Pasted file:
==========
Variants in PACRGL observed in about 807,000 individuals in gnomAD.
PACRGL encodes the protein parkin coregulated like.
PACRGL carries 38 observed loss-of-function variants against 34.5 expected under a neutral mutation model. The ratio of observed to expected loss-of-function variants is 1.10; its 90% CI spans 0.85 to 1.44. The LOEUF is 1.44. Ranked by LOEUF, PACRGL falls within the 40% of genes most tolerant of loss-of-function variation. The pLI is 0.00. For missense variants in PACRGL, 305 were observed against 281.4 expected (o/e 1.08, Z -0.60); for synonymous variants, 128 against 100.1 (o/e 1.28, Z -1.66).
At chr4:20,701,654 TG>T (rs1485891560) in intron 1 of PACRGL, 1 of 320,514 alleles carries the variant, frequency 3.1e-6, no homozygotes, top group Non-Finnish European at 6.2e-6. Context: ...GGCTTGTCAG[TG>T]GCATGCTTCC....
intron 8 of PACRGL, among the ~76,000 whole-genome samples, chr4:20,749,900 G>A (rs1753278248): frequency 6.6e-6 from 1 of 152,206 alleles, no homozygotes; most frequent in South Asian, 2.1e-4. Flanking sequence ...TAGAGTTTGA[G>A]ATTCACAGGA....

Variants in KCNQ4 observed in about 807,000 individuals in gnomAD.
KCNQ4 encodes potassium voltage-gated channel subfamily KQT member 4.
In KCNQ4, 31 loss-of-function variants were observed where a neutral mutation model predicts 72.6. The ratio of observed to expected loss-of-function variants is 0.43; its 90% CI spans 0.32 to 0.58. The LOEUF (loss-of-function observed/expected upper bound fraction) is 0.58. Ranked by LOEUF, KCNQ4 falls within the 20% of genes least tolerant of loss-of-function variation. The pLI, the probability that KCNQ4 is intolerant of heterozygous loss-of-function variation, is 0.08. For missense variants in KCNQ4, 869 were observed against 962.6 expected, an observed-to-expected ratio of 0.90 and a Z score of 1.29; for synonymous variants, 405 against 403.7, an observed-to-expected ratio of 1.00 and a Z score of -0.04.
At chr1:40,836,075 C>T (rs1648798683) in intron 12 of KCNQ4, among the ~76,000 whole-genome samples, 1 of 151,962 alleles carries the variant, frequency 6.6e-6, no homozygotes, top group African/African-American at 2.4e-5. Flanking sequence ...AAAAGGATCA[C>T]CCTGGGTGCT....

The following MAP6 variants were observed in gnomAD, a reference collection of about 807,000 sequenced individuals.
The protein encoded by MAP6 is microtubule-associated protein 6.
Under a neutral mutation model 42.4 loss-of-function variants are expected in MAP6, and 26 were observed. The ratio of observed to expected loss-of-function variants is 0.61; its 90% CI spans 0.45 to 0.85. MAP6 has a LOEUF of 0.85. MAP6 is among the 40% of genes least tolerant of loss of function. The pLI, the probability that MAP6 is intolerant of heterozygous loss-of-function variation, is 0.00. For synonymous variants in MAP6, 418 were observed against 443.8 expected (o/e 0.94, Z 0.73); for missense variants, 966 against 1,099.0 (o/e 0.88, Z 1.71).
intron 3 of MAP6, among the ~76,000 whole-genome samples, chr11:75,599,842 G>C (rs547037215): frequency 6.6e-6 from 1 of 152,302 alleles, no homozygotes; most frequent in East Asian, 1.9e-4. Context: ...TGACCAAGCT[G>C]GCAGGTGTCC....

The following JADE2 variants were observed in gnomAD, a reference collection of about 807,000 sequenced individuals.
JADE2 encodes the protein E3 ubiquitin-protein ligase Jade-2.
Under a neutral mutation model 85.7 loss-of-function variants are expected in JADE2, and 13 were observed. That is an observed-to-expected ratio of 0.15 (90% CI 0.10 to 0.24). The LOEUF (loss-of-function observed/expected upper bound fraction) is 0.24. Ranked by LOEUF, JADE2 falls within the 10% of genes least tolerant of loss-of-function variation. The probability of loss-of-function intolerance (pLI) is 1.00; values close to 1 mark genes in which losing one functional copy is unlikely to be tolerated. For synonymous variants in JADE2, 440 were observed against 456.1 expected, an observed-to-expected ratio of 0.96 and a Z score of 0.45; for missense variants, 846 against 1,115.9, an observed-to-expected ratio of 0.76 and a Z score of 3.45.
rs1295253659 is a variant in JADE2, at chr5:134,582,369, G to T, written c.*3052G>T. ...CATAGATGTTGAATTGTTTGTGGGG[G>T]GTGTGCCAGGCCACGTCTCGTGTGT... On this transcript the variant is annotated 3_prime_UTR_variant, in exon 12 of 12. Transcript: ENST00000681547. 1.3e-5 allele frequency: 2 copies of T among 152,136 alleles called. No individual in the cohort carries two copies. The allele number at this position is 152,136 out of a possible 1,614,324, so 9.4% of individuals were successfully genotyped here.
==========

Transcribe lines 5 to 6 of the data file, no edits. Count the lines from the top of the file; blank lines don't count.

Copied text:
intron 8 of PACRGL, among the ~76,000 whole-genome samples, chr4:20,749,900 G>A (rs1753278248): frequency 6.6e-6 from 1 of 152,206 alleles, no homozygotes; most frequent in South Asian, 2.1e-4. Flanking sequence ...TAGAGTTTGA[G>A]ATTCACAGGA....

Variants in KCNQ4 observed in about 807,000 individuals in gnomAD.